The oil industry expects a 2012 windfall of almost $6 billion after changes to the oil taxation system designed to sustain high production levels came into force Saturday.
The 60/66 reform, which has been debated for more than two years, will lower the marginal rate on the export duty for crude oil from 65 percent to 60 percent in an attempt to stimulate investment in upstream developments and extend the lifespan of declining western Siberian fields.
With an average oil price of $100 a barrel, the fall in export duty will give oil companies an extra $4 to $5 in profit per barrel of oil they pump abroad. Calculations by VTB Capital suggest that this will generate the industry an extra $5.8 billion in earnings before interest, taxation, depreciation and amortization in 2012 and $7.1 billion in 2013.
About 40 percent of federal revenues comes from taxes on the energy industry, and the Kremlin has long been forced to strike a balance between squeezing as much tax as possible from the sector while allowing companies to retain enough cash to invest in the new developments that will guarantee that Russia can retain its crown as the world's biggest producer.
Crude exports have been climbing as the implementation date for the new tax regime approaches. Exports in September jumped to 5.47 million barrels a day — 7.2 percent higher than September last year and 5.7 percent more than the previous month, Bloomberg reported.
Overall profits for oil companies will be tempered by the mineral extraction tax on crude, which is due to rise 6.5 percent in 2012 and 5.4 percent in 2013.
"The net impact should not be very noticeable — at least over the next couple of quarters," said Alex Fak, an oil and gas analyst at Troika Dialog, "[but] most oil companies win from this."
However, the changes are not just a bonanza for the industry. Some experts expect the federal budget to benefit heavily. Alexei Kondrashov, global oil and gas tax chief at Ernst & Young, who was involved in the negotiations over the new legislation, told The Moscow Times that the new regime "will create an incremental increase in oil production which will, in turn, create increased tax revenues."
Kondrashov estimated that the government could receive up to 150 billion rubles ($4.7 billion) annually in additional revenue.
After the announcement of the changes, the government appeared to backtrack marginally on the commitment to lower export duties on crude. Instead of being permanent, the measure will be subject to a review signed off by the prime minister every month.
The level of export duty has a direct effect on domestic gasoline prices, a sensitive political issue as parliamentary and presidential elections approach. And Russia has had severe problems with gasoline shortages, with recent reports of a lack of fuel in the Murmansk and Kaliningrad regions. VTB Capital said in a research note Friday that more shortages were likely in the coming months.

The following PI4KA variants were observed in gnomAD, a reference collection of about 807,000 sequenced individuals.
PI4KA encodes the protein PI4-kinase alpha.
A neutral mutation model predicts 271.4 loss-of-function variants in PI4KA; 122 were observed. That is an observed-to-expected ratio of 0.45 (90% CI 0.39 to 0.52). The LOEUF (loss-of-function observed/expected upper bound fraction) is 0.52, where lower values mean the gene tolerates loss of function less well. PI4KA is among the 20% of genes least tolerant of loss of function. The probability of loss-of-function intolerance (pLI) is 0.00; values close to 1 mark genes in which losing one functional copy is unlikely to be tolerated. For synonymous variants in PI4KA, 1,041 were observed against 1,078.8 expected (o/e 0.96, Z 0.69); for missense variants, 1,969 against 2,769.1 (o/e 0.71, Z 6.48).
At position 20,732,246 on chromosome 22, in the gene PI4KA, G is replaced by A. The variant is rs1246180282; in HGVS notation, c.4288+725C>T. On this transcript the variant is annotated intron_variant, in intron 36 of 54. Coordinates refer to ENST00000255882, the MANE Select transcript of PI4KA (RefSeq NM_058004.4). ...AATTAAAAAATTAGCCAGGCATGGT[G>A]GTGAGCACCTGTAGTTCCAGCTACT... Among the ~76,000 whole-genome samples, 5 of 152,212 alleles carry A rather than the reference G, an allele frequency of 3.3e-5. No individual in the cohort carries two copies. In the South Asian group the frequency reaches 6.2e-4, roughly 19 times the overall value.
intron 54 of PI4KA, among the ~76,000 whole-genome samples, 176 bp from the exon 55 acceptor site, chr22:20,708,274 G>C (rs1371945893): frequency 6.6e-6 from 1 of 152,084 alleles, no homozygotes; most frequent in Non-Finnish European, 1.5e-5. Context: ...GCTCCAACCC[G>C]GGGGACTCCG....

Tinkering with the taxation system is not just designed to maximize profit, but also to nurture structural changes in the industry itself. While crude export duties will fall, the export duty for light and dark petroleum products will be calculated at 66 percent of the export duty for crude. The customs rate for gasoline and naphtha will stay at 90 percent, a measure introduced in May to guard against shortages.
These changes are designed to increase the depth of the Russian refinery system by making it more costly to export dark products like fuel oil — or mazut — thus dropping the price within Russia and incentivizing further refining.
Those who import mazut use it as boiler fuel or manufacture value-added light products that include gasoline, diesel and jet fuel.
Companies that have a strong refining focus, including Bashneft and Tatneft, would be financially hurt by 60/66, but the Energy Ministry has promised compensatory mineral extraction tax relief on some of their fields.
Some companies have already responded to the government's pressure to alter the nature of Russia's refining capabilities. LUKoil announced last month that it will be investing $3 billion in its Kstovsky refinery.
But Ernst & Young's Kondrashov said the 60/66 changes were only a beginning. "A first step has been taken, but it is a relatively small step and a very gradual step toward further reform," he said.
Russia at present uses export duties as the primary means of taxation in the energy sector as well as individual tax breaks to make production profitable in difficult-to-access greenfield sites or declining brownfields.
Grigory Vygon, director of the Skolkovo Energy Center, said last week that tax changes are essential if Russia is ever going to develop its huge hydrocarbon reserves on its continental shelf, Interfax reported. While it costs $2.2 million to drill a well in western Siberia, he said, it costs up to $200 million to drill one in the Arctic.
Kondrashov added that Russia should move toward a more profit-based taxation model like that used by other major oil-producing countries including Norway, Britain and Australia.
At the current level of oil prices export duty is, "enormously and outrageously high," he said.